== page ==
We performed data collection using the Memorial Symptom Assessment Scale (MSAS-BR), after prior information on the research objectives, agreement to participate in the study and signing of the free and informed consent form as an individual interview. Additional data were collected using a form prepared by the authors, which included sociodemographic and clinical data such as age, gender, marital status, educational level, race, primary diagnosis and presence of metastasis, use of devices and place of treatment (outpatient and inpatient).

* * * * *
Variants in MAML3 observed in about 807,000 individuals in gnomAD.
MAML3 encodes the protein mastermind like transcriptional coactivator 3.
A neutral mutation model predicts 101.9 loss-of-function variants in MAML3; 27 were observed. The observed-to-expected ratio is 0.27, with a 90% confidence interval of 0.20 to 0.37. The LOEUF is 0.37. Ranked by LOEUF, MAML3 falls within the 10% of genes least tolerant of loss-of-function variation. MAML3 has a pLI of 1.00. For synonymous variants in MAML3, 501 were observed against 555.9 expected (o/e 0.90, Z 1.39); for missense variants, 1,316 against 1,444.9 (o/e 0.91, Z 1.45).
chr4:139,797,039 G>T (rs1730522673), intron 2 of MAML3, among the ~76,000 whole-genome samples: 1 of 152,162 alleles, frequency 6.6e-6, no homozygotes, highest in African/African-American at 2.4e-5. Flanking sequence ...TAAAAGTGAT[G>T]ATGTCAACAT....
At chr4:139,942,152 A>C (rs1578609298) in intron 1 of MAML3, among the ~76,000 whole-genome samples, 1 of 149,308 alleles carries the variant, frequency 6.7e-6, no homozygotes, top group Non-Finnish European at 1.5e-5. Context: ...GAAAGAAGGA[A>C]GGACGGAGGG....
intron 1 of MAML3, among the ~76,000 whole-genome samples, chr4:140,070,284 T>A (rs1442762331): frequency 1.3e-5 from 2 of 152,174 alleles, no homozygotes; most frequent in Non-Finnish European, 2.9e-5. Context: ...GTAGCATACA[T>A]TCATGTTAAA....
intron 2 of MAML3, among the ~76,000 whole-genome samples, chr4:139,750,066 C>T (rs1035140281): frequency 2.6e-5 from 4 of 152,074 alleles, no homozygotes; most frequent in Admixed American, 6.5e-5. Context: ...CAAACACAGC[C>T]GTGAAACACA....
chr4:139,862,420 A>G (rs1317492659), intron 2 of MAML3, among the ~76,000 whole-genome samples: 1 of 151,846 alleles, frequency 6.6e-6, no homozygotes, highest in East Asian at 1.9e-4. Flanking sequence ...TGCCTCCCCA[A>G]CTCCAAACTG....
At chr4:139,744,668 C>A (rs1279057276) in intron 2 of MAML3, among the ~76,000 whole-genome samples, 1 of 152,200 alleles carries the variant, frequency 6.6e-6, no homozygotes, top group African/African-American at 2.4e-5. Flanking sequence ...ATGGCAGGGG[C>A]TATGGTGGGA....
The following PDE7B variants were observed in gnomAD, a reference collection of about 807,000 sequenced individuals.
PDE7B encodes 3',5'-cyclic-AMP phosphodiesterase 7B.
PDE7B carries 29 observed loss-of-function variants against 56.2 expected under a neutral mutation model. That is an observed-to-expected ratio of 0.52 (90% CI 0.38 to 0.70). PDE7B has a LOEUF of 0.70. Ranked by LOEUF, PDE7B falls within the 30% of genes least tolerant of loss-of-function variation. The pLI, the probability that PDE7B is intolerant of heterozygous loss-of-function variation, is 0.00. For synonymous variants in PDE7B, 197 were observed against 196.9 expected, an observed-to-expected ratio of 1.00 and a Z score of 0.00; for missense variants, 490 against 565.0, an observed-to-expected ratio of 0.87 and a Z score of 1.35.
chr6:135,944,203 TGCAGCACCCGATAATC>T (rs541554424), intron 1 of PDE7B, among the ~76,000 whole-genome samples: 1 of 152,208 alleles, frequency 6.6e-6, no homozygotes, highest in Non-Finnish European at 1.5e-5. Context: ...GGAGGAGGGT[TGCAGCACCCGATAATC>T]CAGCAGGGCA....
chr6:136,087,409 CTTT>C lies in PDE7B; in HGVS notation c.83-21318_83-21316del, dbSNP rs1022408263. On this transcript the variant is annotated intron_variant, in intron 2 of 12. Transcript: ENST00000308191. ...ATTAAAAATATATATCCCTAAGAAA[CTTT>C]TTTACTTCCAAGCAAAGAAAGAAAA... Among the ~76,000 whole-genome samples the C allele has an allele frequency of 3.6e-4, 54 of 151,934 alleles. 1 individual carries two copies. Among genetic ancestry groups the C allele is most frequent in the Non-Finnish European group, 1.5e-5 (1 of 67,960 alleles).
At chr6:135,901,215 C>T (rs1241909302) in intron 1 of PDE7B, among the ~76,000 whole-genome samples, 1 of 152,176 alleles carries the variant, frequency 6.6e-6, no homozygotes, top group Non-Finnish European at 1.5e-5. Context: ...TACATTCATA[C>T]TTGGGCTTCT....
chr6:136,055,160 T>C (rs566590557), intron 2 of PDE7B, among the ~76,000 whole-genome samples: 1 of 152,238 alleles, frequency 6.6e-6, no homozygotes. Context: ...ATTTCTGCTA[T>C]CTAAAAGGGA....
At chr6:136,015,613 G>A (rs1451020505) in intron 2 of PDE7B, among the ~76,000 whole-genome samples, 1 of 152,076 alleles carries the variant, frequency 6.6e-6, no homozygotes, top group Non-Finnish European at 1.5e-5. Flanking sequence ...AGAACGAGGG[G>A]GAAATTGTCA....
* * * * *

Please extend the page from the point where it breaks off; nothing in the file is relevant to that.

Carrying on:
The Memorial Symptom Assessment Scale (MSAS) is a 32-item assessment tool designed to measure the prevalence and the three associated characteristics (frequency, intensity, and distress) of the physical and psychological symptoms experienced by cancer patients in the week prior to the interview. Thus, targeted interventions can be proposed to ensure improvement in patients’ quality of life1515. Menezes JR, Luvisaro BMO, Rodrigues CF, Muzi CD, Guimarães RM. Confiabilidade teste-reteste da versão Brasileira do instrumento Memorial Symptom Assessment Scale para avaliação de sintomas em pacientes oncológicos. Einstein. 2017;15:148-54.. MSAS-BR has good results for reliability and validity in the cancer population, as described in previous studies, with satisfactory reliability in test-retests and weighted kappa index values obtained between 0.69 and 0.96. When a symptom is experienced, the score for it is determined by the average intensity, frequency and discomfort scores, or when applicable, only by the intensity and distress scale1515. Menezes JR, Luvisaro BMO, Rodrigues CF, Muzi CD, Guimarães RM. Confiabilidade teste-reteste da versão Brasileira do instrumento Memorial Symptom Assessment Scale para avaliação de sintomas em pacientes oncológicos. Einstein. 2017;15:148-54.,1616. Rocha LF, Carvalho MS, Lacerda AAML, Viana AFV, Ramos RS, Guimarães RM, et al. Equivalência semântica da versão em português do instrumento Memorial Symptom Assessment Scale (MSAS) para avaliar sintomas em pacientes oncológicos. Rev. Bras. Pesq. Saúde. 2017;19:83-91.. It’s important to mention that we approached patients at times when they were not vulnerable or in a situation that did not compromise the decision to participate in the study.